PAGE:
The “million dollar” question many of those preparing for retirement ask themselves is simply stated but not necessarily easy to answer — “how much money do I need to save to secure a comfortable retirement?” In some circles, this is referred to as “the number” — that magical figure that tells pre-retirees how prepared they may be.

A recent survey from Ameriprise Financial found that working Americans ages 50–70 with at least $100,000 in investable assets estimated that what’s needed to comfortably retire, on average, was $930,000.

But what does that number really mean? How important is it? What assumptions must you make to arrive at a number — and how many rapidly changing factors impact your number? Preparing for retirement is about much more than arriving at a number, but some calculation is necessary.

Calculate Your Retirement Expenses

When determining how much you’ll need to save, it’s helpful to think in terms of how much income you’ll need to withdraw to cover expenses. But projecting future spending is an inexact science. Some expenses might go away (mortgage, FICA taxes, retirement plan contributions), but you may also have more time and energy to spend money on things you need and want to do. However, medical expenses could greatly increase too.

Essential Expenses

These are the required costs associated with daily living — food, shelter, utilities, transportation, insurance (health, life, long-term care) and taxes — that most likely will persist in retirement.

Lifestyle Expenses

This is the “fun” part of retirement — interests that you want to pursue such as golfing, travel, owning a vacation property or starting a business. To make these lifestyle choices a reality, enough money needs to be in place to finance them. Though separating out lifestyle expenses from required expenses can help you prioritize, using funds from your nest egg too quickly can jeopardize your long-term financial security. Spending on lifestyle needs can be adjusted as needed throughout retirement, as these are considered discretionary expenses.

Your remaining available assets can be used to fund lifestyle expenses. You may choose to invest this money more actively with a strategy of drawing down assets over time using a sustainable withdrawal rate.

A true number may be elusive, but using this process, you may have a better sense of what your ultimate savings goal is. It may be useful to set multiple goals — or “numbers” — to reach enough to cover essential expenses and then lifestyle expenses. Beyond these goals, you might also consider the amount you’ll need to cover unexpected expenses in retirement and to leave a legacy.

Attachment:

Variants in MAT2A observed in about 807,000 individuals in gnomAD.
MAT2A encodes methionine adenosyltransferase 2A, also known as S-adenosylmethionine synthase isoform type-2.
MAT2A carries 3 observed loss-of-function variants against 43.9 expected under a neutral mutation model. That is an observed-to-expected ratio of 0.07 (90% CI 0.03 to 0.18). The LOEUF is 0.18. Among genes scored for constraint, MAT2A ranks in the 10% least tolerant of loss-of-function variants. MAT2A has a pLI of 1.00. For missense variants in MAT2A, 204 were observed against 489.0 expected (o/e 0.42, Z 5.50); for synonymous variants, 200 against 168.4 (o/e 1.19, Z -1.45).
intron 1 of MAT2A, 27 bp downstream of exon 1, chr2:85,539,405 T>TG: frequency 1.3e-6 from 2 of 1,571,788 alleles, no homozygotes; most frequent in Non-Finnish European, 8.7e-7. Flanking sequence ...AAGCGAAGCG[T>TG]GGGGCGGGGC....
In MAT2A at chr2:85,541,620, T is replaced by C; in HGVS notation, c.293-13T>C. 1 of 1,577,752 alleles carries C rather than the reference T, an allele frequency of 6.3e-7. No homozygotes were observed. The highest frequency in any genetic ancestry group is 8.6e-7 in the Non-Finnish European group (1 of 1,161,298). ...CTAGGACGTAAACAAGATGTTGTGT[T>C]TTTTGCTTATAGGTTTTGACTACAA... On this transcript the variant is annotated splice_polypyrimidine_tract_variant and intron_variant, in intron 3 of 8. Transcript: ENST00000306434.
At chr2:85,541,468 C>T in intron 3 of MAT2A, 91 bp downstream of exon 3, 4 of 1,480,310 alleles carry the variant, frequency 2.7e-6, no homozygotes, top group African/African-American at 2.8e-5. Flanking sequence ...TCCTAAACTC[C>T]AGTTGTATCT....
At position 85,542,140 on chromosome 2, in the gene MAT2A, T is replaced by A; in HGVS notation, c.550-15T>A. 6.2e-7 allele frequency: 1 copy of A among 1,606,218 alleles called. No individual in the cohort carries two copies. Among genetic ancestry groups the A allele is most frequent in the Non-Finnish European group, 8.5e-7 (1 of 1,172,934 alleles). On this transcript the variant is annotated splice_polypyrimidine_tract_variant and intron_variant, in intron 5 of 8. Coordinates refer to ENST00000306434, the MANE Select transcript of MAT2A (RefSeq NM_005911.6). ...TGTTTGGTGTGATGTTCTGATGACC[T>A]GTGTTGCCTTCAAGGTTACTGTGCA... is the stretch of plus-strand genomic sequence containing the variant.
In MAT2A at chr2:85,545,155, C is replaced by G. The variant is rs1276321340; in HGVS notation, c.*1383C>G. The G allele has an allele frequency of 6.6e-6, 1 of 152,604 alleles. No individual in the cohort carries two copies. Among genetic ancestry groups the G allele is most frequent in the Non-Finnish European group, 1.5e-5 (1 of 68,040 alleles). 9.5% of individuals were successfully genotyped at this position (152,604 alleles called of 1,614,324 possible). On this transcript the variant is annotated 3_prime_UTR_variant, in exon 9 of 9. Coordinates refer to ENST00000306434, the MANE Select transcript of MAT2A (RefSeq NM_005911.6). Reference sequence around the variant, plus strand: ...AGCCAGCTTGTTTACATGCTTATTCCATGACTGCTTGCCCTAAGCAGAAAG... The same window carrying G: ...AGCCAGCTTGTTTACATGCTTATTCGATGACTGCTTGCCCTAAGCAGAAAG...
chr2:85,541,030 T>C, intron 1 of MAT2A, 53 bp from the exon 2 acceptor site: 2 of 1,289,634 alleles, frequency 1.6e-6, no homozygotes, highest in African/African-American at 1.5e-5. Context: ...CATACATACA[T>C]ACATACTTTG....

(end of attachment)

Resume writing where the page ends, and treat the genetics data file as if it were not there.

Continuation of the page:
Planning financially for retirement can be complex as you near retirement: taking appropriate steps to calculate income needs in an evolving economic and political environment can become more complicated. Consider working with a financial professional who can help you work toward your short- and long-term goals.


Michael W. K. Yee at (808) 952-1222 ext. 1240

Michael W K Yee, CFP®, CFS®, CRPC®, is a Financial Advisor and CERTIFIED FINANCIAL PLANNER practitioner™ with Ameriprise Financial Services, Inc. in Honolulu, HI. He specializes in fee-based financial planning and asset management strategies and has been in practice for 25 years. To contact him,, 808.952.1222 ext 1240, 1585 Kapiolani Blvd., Suite 1100 Honolulu, Hawai‘i 96814.
Advisor is licensed/registered to do business with U.S. residents only in the states of Honolulu, Hawai‘i.
1 The Money Across Generations IISM study was commissioned by Ameriprise Financial, Inc. and conducted by telephone by GfK in December 2011 among 1,006 affluent baby boomers (those with $100,000 or more in investable assets); 300 parents of baby boomers; and 300 children of baby boomers at least 18 years old. The margin of error is +/- three percentage points for the affluent boomers segment and +/- six percentage points for the parents and children of boomers segments.
2 United States Department of Labor, Wage and Hour Division, Family and Medical Leave Act
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